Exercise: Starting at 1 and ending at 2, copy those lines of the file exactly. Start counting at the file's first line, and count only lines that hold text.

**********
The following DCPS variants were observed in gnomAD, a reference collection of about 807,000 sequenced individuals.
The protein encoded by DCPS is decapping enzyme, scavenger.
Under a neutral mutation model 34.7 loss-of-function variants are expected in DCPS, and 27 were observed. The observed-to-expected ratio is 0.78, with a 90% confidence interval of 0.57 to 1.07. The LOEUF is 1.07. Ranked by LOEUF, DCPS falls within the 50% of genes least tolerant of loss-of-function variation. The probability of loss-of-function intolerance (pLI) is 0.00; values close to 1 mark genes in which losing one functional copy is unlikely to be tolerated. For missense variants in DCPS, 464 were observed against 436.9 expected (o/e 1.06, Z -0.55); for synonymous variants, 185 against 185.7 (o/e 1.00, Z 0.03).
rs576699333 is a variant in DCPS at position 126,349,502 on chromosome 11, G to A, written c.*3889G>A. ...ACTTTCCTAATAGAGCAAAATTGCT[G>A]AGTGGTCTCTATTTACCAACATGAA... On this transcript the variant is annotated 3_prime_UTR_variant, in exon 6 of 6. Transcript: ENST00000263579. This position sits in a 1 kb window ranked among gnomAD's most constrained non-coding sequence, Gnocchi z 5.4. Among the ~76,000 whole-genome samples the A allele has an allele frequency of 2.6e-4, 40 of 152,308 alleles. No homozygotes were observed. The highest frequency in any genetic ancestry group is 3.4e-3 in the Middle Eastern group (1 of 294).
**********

The following DCPS variants were observed in gnomAD, a reference collection of about 807,000 sequenced individuals.
The protein encoded by DCPS is decapping enzyme, scavenger.